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Size and Determinants of Capital Structure in the Greek Manufacturing Sector

Listed author(s):
  • F. Voulgaris
  • D. Asteriou
  • G. Agiomirgianakis

Increasing competition in the European Union (EU) and world markets affects the Greek manufacturing sector. Capital structure is essential for the survival, growth and performance of a firm. There has been a growing interest worldwide in identifying the factors associated with debt leverage. However, nothing has been done so far in contrasting small and medium sized enterprises (SMEs) and large sized enterprises (LSEs) on these aspects. SMEs are very important in the Greek manufacturing sector for employment and growth. Empirical studies show that capital structure and the factors affecting it vary with firm size. In this paper we investigate the determinants of capital structure of Greek manufacturing firms and formulate some policy implications that may improve the financial performance of the sector. Our study utilizes panel data of two random samples, one for SMEs and another for LSEs. The findings show that profitability is a major determinant of capital structure for both size groups. However, efficient assets management and assets growth are found essential for the debt structure of LSEs as opposed to efficiency of current assets, size, sales growth and high fixed assets, which were found to affect substantially the credibility of SMEs. In an era of increasing globalization, the findings imply that Greek SMEs should focus their efforts on (a) increasing their cash flow capacity through better assets management and achievement of higher exports and (b) ensuring good bank relations, but at the same time, turn to alternative forms of financing. Greek LSEs should adopt strategies that will lead to the improvement of their competitiveness and securing new forms of financing. Government policy measures aiming at structural changes and economic efficiency should be designed clearly depending upon its targets: SMEs need policies that will encourage information exchange and co-operation in local and foreign markets and use of e-business, as well as, financial assistance. On the other hand, LSEs should be supported by policies aimed at new high-technology investments, entrance of new firms and foreign investments in the country, tax alleviation and increase of R&D and training expenditures. The upgrading and transparency of the capital market in Greece is expected to improve the capital structure of Greek manufacturing firms.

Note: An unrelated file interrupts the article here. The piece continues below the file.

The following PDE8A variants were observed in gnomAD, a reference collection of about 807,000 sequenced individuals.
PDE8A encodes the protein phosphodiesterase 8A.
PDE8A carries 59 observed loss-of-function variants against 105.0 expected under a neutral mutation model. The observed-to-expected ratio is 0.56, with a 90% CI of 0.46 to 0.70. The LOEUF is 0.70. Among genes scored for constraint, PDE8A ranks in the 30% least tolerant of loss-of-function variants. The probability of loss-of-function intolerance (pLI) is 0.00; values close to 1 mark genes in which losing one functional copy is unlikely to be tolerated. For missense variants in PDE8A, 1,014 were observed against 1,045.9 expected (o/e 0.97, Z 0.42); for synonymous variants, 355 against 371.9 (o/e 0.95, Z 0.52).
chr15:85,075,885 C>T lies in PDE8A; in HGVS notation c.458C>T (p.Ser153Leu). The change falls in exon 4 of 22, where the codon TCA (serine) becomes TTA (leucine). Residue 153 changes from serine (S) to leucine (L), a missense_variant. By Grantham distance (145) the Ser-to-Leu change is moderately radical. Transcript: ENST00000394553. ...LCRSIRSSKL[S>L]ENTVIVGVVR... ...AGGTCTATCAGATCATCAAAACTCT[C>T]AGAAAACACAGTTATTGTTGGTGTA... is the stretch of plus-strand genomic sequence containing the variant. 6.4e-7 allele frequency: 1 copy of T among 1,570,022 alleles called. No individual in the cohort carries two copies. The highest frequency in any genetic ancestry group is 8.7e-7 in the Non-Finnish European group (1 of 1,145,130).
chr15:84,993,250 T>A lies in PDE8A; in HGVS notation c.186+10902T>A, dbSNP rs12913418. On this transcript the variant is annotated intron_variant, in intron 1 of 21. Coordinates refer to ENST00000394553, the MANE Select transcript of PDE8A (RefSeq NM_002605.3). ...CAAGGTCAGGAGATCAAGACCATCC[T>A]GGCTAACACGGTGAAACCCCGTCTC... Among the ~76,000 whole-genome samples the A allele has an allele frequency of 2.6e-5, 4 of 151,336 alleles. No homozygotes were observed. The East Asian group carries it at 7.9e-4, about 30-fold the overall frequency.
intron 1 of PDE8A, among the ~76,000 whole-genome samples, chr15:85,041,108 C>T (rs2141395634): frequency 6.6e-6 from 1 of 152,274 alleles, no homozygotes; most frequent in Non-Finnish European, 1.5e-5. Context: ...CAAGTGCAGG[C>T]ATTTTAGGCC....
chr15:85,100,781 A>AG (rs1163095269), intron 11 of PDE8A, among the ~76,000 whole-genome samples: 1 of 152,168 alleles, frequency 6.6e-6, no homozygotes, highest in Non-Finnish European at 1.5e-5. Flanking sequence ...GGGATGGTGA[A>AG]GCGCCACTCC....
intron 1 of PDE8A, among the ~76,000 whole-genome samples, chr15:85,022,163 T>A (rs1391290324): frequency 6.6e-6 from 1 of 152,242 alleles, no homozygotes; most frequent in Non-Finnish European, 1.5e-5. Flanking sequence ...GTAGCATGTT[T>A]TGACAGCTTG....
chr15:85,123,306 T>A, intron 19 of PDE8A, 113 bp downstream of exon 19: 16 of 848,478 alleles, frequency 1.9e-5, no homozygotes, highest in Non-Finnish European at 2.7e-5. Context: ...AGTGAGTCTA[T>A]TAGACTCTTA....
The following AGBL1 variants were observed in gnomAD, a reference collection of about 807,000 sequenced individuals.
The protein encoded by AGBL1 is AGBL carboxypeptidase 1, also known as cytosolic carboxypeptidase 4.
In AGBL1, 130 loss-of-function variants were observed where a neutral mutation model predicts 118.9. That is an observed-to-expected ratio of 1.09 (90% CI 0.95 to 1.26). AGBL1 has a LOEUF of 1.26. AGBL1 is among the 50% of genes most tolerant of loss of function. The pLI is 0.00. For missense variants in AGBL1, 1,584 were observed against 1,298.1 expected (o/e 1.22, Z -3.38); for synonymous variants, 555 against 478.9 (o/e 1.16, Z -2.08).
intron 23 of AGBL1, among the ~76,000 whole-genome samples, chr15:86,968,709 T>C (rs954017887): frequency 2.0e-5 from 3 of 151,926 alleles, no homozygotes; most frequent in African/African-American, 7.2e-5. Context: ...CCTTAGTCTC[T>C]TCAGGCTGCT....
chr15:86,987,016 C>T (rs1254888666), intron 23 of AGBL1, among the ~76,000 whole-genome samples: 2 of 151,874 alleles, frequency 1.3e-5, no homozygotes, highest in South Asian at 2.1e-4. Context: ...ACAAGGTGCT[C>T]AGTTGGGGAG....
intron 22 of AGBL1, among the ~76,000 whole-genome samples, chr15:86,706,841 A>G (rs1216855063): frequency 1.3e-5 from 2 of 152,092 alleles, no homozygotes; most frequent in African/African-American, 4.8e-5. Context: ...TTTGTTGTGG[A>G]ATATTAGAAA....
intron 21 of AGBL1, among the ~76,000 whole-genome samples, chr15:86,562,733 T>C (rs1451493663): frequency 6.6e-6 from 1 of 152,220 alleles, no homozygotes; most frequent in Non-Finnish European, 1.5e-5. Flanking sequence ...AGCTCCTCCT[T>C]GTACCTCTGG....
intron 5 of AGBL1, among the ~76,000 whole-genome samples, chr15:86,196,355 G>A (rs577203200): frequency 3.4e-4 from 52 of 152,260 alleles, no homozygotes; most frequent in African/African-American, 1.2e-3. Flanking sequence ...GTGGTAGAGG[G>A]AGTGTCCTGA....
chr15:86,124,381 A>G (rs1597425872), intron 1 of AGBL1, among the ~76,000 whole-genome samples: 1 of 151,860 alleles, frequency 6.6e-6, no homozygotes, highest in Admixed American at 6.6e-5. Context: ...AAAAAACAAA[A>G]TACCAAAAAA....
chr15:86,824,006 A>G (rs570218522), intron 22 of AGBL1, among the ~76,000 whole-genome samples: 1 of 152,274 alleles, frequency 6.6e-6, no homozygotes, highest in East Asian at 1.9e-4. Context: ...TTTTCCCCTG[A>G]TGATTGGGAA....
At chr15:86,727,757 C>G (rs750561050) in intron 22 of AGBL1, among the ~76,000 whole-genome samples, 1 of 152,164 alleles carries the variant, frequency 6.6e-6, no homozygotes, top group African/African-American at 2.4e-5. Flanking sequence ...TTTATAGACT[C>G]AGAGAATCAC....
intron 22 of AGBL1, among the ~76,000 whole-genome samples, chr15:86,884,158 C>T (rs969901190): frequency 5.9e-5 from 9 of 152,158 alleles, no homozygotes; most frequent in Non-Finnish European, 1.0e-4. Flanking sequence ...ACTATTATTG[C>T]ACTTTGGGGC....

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Article provided by Taylor & Francis Journals in its journal International Review of Applied Economics.

Volume (Year): 18 (2004)
Issue (Month): 2 ()
Pages: 247-262

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Handle: RePEc:taf:irapec:v:18:y:2004:i:2:p:247-262
DOI: 10.1080/0269217042000186714
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  1. Titman, Sheridan & Wessels, Roberto, 1988. " The Determinants of Capital Structure Choice," Journal of Finance, American Finance Association, vol. 43(1), pages 1-19, March.
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  11. Filbeck, Greg & Gorman, Raymond F., 2000. "Capital structure and asset utilization: the case of resource intensive industries," Resources Policy, Elsevier, vol. 26(4), pages 211-218, December.
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  14. Myers, Stewart C., 1977. "Determinants of corporate borrowing," Journal of Financial Economics, Elsevier, vol. 5(2), pages 147-175, November.
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